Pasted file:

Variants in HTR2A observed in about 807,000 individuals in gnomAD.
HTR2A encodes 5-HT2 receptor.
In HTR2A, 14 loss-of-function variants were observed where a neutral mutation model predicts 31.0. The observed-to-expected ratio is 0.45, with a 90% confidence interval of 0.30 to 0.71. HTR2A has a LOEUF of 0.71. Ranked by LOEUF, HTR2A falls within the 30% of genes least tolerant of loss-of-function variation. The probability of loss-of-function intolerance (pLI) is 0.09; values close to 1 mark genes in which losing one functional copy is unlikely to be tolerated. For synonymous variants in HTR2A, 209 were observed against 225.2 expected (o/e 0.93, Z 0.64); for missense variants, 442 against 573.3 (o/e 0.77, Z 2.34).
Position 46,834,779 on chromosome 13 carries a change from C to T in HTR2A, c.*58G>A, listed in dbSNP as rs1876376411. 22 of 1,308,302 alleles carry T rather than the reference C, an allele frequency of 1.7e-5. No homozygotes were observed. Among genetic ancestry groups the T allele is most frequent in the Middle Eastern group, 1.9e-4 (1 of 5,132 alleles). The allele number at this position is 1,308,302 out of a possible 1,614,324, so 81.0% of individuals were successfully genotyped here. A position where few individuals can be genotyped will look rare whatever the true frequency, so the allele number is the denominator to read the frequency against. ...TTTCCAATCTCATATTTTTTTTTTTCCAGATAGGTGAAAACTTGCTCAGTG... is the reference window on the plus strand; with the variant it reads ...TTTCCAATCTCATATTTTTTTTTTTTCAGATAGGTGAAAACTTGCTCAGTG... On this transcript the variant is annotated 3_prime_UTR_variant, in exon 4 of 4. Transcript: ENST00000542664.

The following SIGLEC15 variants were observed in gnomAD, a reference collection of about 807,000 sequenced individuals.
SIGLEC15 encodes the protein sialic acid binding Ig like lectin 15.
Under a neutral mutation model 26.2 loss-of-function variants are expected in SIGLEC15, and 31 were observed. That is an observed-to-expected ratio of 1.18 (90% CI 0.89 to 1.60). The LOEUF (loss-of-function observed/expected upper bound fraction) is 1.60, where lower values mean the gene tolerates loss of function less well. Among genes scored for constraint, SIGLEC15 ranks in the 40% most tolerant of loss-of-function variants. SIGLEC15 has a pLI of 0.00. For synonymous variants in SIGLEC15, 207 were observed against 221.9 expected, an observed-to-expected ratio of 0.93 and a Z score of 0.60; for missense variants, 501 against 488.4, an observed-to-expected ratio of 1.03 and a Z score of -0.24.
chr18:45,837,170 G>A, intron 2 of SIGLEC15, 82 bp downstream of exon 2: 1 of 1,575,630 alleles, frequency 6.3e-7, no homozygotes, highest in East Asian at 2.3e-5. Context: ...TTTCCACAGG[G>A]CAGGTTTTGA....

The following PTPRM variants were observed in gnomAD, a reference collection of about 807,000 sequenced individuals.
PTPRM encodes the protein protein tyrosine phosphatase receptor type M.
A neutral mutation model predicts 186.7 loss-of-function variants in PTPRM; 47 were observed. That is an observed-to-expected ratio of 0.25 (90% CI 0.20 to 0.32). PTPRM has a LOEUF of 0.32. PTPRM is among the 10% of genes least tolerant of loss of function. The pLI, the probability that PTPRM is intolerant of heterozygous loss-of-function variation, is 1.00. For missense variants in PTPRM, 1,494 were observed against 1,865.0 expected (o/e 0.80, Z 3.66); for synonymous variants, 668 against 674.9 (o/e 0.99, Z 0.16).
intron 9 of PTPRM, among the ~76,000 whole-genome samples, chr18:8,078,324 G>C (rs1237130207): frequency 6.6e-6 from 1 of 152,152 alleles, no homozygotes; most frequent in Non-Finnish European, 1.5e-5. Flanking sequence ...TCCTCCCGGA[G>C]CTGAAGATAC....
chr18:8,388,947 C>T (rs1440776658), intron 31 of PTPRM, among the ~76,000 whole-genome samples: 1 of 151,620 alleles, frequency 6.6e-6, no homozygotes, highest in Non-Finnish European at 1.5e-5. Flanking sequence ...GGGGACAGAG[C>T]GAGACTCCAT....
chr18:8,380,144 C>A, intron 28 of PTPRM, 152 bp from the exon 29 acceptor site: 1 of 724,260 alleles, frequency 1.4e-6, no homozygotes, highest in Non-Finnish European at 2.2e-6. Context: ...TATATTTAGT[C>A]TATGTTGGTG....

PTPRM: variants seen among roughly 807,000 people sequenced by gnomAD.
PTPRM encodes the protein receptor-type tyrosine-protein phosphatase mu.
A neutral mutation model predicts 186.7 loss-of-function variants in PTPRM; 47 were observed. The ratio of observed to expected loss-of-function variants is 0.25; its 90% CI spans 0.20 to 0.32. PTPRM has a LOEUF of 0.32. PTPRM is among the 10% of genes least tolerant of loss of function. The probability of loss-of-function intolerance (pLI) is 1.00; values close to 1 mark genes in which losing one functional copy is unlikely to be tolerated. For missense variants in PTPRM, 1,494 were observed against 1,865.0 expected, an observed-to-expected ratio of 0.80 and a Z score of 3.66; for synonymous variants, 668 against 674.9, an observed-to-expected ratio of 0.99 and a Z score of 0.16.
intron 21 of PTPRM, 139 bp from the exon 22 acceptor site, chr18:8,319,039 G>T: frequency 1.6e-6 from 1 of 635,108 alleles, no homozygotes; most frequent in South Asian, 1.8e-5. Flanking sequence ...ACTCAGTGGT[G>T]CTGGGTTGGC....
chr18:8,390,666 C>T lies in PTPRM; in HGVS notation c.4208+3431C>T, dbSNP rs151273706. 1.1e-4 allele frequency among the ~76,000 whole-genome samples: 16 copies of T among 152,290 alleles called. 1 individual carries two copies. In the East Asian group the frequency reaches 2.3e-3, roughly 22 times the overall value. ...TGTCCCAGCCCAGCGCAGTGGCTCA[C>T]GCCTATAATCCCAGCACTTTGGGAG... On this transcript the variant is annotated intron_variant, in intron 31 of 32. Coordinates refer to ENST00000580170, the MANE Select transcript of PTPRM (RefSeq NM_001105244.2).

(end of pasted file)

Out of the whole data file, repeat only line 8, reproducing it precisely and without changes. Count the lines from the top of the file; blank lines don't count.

chr18:45,837,170 G>A, intron 2 of SIGLEC15, 82 bp downstream of exon 2: 1 of 1,575,630 alleles, frequency 6.3e-7, no homozygotes, highest in East Asian at 2.3e-5. Context: ...TTTCCACAGG[G>A]CAGGTTTTGA....